ICD Data Predicts Ventricular Tachycardia, Ventricular Fibrillation


May 2, 2008

May 1, 2008 - High-amplitude electrogram T-wave alternans often precedes spontaneous ventricular tachycardia (VT) and ventricular fibrillation (VF) in humans, and can be detected by measuring stored data directly from implantable cardioverter-defibrillators (ICDs), according to a new study published in the May issue of HeartRhythm, the official journal of the Heart Rhythm Society,

ICDs deliver electrical pulses to stop VT/VF after it has started. Study findings may permit ICDs to warn patients who are about to have VT/VF and may ultimately permit ICDs to deliver sequences of electrical pacing pulses that prevent the onset of VT/VF.

Characterized by a very fast and abnormal heart rate, VT is a serious condition that warrants immediate treatment and can lead to VF and sudden cardiac arrest. T-wave alternans is a measure of cardiac electrical instability.

Previous studies have used advanced signal processing techniques to measure T-wave alternans from the routine surface electrocardiogram and predict whether patients are at sufficient long-term risk of VT/VF to warrant implantation of an ICD. Unlike previous studies, the new study led by Charles Swerdlow, M.D., FHRS, Cedars Sinai Medical Center in Los Angeles, CA, looks for short-term predictors of spontaneous VT/VF using electrical signals recorded from ICD electrodes. These electrodes are wires that are permanently implanted in the heart and attached to the ICD.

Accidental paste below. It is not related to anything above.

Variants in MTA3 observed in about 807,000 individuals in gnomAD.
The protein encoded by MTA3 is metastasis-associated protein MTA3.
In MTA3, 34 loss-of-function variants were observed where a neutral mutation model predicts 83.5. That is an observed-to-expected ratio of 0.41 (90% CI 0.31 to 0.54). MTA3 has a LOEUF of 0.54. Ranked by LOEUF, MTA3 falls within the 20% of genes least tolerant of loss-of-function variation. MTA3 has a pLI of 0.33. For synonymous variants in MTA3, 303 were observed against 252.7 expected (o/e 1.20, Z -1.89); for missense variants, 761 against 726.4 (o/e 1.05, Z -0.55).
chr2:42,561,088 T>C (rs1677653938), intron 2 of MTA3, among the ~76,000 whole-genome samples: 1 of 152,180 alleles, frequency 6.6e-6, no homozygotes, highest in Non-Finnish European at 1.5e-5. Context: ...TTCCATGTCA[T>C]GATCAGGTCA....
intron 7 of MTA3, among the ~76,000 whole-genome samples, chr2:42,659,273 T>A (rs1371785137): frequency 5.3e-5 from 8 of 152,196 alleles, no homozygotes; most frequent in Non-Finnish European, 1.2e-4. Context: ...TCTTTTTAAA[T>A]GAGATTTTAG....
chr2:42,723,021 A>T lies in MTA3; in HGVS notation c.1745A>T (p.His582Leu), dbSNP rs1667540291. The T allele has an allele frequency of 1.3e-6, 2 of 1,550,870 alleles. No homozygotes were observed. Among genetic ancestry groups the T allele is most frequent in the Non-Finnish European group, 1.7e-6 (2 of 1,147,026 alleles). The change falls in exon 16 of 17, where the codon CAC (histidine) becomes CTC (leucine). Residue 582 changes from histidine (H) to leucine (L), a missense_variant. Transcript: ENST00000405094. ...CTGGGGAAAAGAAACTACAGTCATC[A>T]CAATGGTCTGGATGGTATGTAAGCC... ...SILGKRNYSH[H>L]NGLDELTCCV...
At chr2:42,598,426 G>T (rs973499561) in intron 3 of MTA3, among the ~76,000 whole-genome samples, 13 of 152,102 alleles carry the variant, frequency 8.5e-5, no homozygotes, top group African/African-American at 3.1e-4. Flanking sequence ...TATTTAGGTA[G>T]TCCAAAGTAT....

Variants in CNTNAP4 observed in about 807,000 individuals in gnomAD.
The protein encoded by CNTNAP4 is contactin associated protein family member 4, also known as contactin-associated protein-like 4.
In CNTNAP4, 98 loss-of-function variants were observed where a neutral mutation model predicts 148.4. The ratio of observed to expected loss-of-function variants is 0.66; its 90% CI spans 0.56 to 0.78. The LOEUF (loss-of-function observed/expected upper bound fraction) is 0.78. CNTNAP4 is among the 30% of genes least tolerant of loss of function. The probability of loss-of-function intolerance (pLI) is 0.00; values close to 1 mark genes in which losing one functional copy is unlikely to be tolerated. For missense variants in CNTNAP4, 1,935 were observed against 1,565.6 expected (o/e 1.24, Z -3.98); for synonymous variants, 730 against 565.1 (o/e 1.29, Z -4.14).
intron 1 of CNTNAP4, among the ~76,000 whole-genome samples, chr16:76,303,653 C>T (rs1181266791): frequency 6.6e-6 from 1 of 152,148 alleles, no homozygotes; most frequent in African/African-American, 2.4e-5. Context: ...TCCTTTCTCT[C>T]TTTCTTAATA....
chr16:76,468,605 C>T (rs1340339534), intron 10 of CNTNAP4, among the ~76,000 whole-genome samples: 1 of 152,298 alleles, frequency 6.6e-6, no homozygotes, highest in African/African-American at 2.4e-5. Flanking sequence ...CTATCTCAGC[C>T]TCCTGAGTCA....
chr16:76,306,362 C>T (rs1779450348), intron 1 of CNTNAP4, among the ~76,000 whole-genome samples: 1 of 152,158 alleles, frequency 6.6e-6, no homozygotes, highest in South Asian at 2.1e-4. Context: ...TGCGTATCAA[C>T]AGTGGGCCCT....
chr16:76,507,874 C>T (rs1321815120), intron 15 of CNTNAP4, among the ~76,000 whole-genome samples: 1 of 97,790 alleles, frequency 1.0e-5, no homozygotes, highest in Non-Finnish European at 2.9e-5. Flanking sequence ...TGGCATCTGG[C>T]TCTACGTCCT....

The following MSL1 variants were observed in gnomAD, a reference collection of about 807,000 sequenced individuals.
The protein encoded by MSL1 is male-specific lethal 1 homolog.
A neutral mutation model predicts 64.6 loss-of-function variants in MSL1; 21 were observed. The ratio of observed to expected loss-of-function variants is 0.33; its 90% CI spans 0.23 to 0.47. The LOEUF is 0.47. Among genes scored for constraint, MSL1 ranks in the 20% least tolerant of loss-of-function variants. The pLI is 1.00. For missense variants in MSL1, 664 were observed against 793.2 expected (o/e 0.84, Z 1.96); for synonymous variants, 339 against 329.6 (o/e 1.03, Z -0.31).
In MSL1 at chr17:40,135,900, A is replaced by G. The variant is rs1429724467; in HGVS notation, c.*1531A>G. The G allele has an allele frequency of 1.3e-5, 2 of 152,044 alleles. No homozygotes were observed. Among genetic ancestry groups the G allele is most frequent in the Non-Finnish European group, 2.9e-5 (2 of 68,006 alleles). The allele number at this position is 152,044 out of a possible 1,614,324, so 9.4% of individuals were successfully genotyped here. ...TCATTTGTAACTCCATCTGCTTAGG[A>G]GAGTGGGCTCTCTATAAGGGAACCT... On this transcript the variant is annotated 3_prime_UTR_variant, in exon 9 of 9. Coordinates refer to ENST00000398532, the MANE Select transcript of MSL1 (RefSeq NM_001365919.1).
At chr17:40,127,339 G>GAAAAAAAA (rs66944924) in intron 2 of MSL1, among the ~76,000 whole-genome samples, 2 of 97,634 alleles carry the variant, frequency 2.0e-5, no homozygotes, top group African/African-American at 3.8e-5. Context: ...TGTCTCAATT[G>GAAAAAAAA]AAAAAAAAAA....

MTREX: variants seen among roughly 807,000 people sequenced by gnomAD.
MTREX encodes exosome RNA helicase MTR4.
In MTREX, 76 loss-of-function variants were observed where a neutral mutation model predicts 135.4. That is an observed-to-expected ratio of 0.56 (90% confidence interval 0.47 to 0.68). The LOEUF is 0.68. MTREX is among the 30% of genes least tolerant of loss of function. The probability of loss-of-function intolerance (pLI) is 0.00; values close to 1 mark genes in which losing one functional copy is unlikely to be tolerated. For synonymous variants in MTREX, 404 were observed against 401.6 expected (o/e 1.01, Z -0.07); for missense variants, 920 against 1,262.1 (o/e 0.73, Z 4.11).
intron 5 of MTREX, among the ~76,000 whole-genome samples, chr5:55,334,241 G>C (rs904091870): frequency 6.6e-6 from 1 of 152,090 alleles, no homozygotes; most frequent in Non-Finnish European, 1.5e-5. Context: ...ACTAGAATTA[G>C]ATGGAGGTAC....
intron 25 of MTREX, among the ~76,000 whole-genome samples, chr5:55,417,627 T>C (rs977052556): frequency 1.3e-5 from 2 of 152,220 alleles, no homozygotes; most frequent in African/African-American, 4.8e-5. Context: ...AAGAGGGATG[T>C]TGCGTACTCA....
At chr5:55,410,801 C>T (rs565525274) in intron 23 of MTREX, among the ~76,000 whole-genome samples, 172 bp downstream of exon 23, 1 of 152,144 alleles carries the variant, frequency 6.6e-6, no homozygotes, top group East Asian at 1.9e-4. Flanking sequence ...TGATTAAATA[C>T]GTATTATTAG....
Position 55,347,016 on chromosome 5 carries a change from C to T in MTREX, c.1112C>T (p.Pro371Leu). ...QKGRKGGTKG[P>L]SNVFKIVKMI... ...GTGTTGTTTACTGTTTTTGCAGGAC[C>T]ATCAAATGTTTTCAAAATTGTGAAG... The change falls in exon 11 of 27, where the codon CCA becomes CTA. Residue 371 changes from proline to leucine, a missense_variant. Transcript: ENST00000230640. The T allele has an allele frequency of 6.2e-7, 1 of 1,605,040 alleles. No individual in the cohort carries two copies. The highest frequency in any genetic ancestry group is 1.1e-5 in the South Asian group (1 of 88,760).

This is the first study to measure T-wave alternans in humans directly from ICD recordings. To make these measurements, Dr. Swerdlow's team first had to develop and validate a new simple averaging method, suitable for use in an ICD, to measure T-wave alternans from short segments of ICD electrical signals. "Using this method, we found that high-amplitude T-wave alternans occurs frequently just before the onset of spontaneous VT/VF and only rarely at other times,"? said Dr. Swerdlow.

Using this new method, T-wave alternans from ICDs can be measured continuously, enabling the detection of high-amplitude T-wave alternans, which could be used to predict the onset of VT/VF. According to Dr. Swerdlow, the long-term goal of this research is to develop ICD technology that continuously and automatically assesses T-wave alternans for the purpose of warning patients before the onset of VT/VF or even initiating pacing algorithms to prevent VT/VF.

For more information: www.heartrhythmjournal.com